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Performer of The Month - Staff Choice Most Outstanding Performer of December - Pedro Pascal

This article was written by CJ Allan, Donna Cromeans, Karenna, and Laura W. The article was edited by Donna Cromeans (DJRiter). The open and close of the article were written by Donna Cromeans. Prepared for publishing by Aimee Hicks.

Since its premiere, The Mandalorian has presented fans with the Star Wars take on classic westerns. Such classic westerns The Searchers and True Grit presented the classic single-minded, stoic loner tasked with finding and protecting a young charge and on their journey together finds a special bond and discovers they have a heart after all. Following the adventures of Mandalorian Din Djarin and the child for two seasons has given a modern twist on that story intertwining with Star Wars history. In the latter episodes of Season 2 he demonstrated just how far he would go for his young charge. He leads a rag tag group in search of Moff Gideon (Giancarlo Esposito) who has taken the child for the empire. And in the final episode of Season 2, appropriately entitled The Rescue, the talented actor behind the mask of The Mandalorian, Pedro Pascal, gives us The Mandalorian at his warrior driven finest, fighting nearly insurmountable odds all for a child that to whom he had become oddly attached. While the action-packed episode, which culminated in one of the most talked-about cameos on television this season, it was not the warrior Mandalorian that touched fans. A simple quiet moment at episode’s end that demonstrated everything the character was and allowed Pascal to show the heart behind the warrior. For a Mandalorian, his helmet was who he was, but Pascal shows the man behind the mask when he removes that revered helmet to say goodbye to Grogu with tears in his eyes. For this heart-tugging moment and his skill in creating The Mandalorian, Pedro Pascal was selected as SpoilerTV’s Staff Choice December Performer of the Month.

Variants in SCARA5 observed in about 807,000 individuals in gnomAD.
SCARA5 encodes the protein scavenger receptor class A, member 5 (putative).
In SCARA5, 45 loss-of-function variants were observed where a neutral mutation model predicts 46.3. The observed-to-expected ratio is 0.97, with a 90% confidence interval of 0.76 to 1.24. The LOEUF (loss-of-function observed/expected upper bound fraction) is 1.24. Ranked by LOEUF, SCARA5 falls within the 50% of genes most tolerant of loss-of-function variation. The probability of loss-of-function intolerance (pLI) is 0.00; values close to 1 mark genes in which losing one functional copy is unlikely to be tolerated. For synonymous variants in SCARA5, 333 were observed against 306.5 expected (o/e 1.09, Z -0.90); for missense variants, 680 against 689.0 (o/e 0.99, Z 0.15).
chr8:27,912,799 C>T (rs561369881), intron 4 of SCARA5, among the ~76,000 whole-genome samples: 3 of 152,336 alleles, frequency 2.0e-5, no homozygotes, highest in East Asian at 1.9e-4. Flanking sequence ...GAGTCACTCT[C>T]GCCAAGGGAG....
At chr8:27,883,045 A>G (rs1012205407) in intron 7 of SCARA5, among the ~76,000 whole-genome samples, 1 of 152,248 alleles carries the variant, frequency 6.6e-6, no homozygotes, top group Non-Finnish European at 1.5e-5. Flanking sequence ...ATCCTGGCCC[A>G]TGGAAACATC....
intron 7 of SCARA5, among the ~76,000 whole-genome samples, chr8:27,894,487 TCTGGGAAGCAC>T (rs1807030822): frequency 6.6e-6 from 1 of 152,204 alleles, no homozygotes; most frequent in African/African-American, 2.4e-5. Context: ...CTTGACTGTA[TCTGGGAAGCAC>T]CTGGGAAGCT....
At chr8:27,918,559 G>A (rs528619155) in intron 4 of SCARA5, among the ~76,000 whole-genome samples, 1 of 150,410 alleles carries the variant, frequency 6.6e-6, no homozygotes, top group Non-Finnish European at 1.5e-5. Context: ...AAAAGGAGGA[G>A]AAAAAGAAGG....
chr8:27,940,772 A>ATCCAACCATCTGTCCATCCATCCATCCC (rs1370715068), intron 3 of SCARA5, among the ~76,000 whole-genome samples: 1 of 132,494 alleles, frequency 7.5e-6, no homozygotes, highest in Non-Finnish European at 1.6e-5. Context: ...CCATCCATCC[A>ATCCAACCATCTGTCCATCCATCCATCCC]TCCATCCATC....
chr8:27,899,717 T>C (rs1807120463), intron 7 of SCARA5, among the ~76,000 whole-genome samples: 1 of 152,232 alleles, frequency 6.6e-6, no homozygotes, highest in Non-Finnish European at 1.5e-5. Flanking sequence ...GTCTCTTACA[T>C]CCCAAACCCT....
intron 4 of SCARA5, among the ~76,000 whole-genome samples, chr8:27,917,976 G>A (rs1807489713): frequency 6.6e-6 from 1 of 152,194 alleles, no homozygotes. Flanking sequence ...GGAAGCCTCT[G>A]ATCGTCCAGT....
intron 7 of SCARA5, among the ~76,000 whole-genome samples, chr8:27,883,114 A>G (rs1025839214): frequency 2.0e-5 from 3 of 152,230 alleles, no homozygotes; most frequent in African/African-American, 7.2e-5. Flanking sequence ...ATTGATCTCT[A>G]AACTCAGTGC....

Continue reading below to find out our thoughts regarding his performance. After reading, please leave your own thoughts in the comments.